However, in Madagali stakeholders regretted that no meaningful development has taken place in the council even when funds have been released.

House of Representatives Committee Chairman on Media and Public Affairs, Hon. Abdulrazaq Namdaz, said that the sum of N46.9 billion has been earmarked for capital projects in the North-east region.

Namdaz who represents Ganye/Toungo/Jada/Mayo-Belwa Federal Constituency, disclosed this during a dinner organised for journalists in Yola. He said that out of this amount, the sum of N5.9 billion was allocated to projects in Adamawa  State.

The federal lawmaker explained that projects to be executed in his constituency captured in this year’s budget included the completion of Mayo-Belwa power sub-station by Transmission Company of Nigeria, repairs of Mayo-Belwa-Zing road and rehabilitation of Federal Government College Ganye.

Namdaz who disclosed that he has constituency projects worth N197 million to be executed, promised to continue with his empowerment programme.  “I will also continue with my youth empowerment programme for people in my constituency. I want to use this opportunity to urge the people of Adamawa to come out en masse to support our party (APC) candidates in the coming local government elections in the state.”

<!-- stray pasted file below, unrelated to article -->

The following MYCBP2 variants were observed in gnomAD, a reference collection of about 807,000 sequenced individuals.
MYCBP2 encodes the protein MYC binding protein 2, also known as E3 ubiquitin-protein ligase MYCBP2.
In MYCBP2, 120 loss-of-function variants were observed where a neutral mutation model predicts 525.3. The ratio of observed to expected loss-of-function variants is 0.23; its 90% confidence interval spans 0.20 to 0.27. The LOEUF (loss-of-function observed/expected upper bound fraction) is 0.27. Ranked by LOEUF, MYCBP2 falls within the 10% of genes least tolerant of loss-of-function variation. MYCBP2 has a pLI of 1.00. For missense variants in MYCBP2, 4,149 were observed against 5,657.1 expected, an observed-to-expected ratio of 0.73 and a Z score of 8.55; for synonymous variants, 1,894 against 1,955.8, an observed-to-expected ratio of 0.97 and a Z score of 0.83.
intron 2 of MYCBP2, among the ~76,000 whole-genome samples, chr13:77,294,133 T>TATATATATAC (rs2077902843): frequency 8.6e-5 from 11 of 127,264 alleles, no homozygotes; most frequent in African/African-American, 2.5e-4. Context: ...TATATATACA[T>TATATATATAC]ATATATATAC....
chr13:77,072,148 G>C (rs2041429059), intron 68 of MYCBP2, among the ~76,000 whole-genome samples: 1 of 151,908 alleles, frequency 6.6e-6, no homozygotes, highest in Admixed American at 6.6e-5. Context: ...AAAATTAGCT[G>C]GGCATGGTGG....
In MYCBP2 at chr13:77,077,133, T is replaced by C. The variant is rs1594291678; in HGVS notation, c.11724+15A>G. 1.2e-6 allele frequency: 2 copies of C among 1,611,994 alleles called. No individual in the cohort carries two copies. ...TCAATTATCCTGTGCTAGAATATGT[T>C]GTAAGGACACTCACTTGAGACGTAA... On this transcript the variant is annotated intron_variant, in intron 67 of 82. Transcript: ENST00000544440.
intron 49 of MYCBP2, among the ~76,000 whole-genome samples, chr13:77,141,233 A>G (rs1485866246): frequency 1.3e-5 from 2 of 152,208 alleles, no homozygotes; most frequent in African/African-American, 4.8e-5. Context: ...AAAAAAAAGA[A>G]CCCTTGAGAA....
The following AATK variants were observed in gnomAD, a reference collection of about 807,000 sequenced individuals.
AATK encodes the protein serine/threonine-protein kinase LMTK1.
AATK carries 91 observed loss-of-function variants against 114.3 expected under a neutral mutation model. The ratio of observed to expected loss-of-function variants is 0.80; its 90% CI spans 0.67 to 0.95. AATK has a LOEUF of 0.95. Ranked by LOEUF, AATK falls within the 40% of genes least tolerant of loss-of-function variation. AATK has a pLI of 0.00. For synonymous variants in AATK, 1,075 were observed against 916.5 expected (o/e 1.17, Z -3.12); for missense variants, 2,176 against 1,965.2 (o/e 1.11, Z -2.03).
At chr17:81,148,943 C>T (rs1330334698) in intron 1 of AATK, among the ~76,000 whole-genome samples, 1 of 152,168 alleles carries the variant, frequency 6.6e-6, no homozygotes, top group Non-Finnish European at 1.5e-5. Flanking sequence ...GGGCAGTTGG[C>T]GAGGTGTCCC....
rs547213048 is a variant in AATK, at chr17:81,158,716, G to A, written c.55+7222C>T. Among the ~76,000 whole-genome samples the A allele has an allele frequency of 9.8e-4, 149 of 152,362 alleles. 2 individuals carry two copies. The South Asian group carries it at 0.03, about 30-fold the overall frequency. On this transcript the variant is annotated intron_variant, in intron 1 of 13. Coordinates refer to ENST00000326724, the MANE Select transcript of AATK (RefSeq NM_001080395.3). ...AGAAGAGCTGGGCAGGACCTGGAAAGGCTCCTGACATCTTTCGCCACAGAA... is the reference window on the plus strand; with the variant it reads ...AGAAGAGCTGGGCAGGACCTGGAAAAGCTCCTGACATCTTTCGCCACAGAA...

The lawmaker who called for support and understanding of Nigerians for President Muhammadu Buhari, said the current hardship being experienced was a global problem and not peculiar to Nigeria alone.

“I went to South Africa, they are also facing challenges. We need to bear with President Buhari as he tries to shape things. We must realise that he is not a magician,” Namdaz said.

Allegation of lopsided development

A member representing Madagali State Constituency in the State House of Assembly, Hon.  Emmanuel Tsamdu, has lamented that the reconstruction of the North-east is selective.

He accused the SGF of self-centeredness for only reconstructing schools, roads and bridges in Hong council which happens to be his home town. Tsamdu lamented that other towns and villages are yet to feel the presence of the Federal Government.

The state lawmaker lamented that if nothing was done in the next three weeks before the rains, Madagali would be cut off from other parts of the country. He accused government of refusing to reconstruct the bridges that were blown up by the insurgents.